KLA `trapped and on point of breaking'

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The Independent Online
LIVING CONDITIONS are so bad now for civilians trapped in the mountains of southern Kosovo that the rebels are encouraging them to seek refuge in Albania rather than stay in their homeland.

Soldiers of the Kosovo Liberation Army and civilians alike are subsisting on bread, potatoes and the meat of livestock roaming wild, with the milk of cows and goats set aside for children and babies. They are living in huts made of branches and covered with tarpaulins, or out in the open, sleeping on piles of grass. "Water is not a huge problem because there are many streams and springs, but the difficulty is keeping these water supplies clean, because people are also washing in it," said Nexhi, a KLA commander working in the Pashtrik zone, which includes the towns of Prizren, Malisevo and Suva Reka.

"The [KLA] army is no longer able to care for civilians and their plight is making things worse for the soldiers," he said. "The refugees are leaving [Kosovo] for many reasons - health, food - and we are trying to protect their route out."

According to the military journal Jane's Defence Weekly, claims by the Serbs that they have defeated the KLA are close to the truth. Jane's says the KLA has only about 4,000 fighters still left in Kosovo penned into three small areas. Most of its force of 20,000 have fled to Albania.

Nexhi, who is chief of staff for his zone, believes some 200,000 civilians are still living in the area, most in the city of Prizren, in the surrounding villages, or in the mountains around. Their presence limited the KLA's ability to wage war on the Serbs, he said. But he claimed none the less that in the first five weeks of the Nato air campaign some 300 Serbs had been killed in the Pashtrik zone, compared to KLA casualties of 15 dead and 40 wounded.

Medical care for the remaining Albanian fighters in Kosovo was said to be rudimentary. Minor wounds were treated by the soldiers themselves and more serious cases were sent to tented field hospitals which are poorly equipped and lack drugs and other supplies. Although new recruits were pouring in, Nexhi admitted: "We don't have guns for them."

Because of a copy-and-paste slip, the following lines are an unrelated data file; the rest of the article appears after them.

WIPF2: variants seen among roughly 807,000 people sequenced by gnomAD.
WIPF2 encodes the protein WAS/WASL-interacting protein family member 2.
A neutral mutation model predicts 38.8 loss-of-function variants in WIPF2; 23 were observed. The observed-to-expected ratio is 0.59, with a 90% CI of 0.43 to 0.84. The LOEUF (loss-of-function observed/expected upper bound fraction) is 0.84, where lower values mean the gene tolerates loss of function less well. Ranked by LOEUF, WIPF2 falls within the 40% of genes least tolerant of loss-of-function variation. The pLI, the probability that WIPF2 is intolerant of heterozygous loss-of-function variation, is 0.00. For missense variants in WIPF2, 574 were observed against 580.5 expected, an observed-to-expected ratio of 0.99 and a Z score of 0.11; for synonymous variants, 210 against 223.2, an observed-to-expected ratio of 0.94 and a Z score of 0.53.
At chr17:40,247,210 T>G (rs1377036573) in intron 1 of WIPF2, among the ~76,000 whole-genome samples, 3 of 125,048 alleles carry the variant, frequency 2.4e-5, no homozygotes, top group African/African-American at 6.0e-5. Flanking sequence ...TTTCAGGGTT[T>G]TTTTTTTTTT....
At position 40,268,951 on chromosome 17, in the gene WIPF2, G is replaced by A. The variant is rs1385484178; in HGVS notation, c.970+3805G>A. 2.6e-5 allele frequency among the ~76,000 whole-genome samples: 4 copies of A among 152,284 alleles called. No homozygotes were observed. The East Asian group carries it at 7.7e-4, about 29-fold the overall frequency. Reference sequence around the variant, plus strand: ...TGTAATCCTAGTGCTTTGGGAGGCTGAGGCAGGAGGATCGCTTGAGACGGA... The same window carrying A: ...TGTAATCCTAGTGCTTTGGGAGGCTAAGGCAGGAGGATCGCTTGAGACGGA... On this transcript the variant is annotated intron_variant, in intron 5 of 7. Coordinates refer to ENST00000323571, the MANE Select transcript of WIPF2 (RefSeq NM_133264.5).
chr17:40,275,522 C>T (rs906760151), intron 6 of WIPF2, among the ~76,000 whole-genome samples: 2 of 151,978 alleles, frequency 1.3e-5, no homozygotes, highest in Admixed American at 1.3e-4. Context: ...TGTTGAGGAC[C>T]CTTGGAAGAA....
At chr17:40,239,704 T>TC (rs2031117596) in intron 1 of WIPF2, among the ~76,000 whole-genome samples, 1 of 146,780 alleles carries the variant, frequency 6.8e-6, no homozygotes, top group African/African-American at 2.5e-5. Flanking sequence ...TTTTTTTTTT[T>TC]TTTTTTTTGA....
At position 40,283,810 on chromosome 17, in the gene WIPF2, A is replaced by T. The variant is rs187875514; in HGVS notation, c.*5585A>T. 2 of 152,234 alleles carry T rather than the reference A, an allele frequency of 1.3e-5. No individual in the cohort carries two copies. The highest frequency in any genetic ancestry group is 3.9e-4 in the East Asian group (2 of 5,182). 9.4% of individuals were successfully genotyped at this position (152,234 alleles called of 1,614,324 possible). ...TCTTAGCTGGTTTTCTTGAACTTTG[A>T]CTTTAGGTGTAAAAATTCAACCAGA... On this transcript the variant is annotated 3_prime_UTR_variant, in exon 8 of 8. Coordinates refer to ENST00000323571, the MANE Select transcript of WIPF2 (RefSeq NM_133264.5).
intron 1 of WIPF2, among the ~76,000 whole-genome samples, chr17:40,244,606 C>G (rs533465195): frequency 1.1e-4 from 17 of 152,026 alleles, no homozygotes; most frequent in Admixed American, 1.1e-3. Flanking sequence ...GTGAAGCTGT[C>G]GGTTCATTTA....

He added that the KLA lacked officers with tactical experience in previous Balkan wars in Croatia and Bosnia, and who knew the Serbs' strengths and weaknessness.

Nexhi also said his men had captured a Serbian commander, but later released him. "Our policy with prisoners was always to set them free," he said.

Ilir Jemini, a civilian who crossed the border into Albania this week after spending several weeks in the mountains around his home in Suva Reka, said: "It was impossible to stay in the mountains because we had no food ... We helped the KLA by digging small bunkers in the ground, because we did not know how else to assist. We did not have guns to fight."

He said the KLA controlled only a few villages, but they were now relatively safe from attack. "The Serbs cannot bring their heavy equipment to these villages," Mr Jemini said. "Before, when the Serbs had heavy weapons, the Serbs won, but now they are equal to the KLA, it's a draw."

Mr Jemini lost touch with his family weeks ago, but he borrowed a KLA satellite telephone to call his brother in Germany, and learnt that they had escaped to Albania.

"Time is our enemy," he said. "The KLA will prevail if Nato continues to bomb but as for the civilians, I am afraid many of them will die or be hurt. If Nato does not give the KLA weapons I don't think it will be possible to win."

t The KLA confirmed yesterday that it has appointed a former brigadier general in the Croatian army, Agim Ceku, as its new leader. Mr Ceku, a Kosovo Albanian, was one of the key planners behind "Operation Storm" in which the Croats drove the Serbs out of the Krajina region of Croatia. He replaces Sylejman Selimi, a political appointee, who has been criticised following recent military setbacks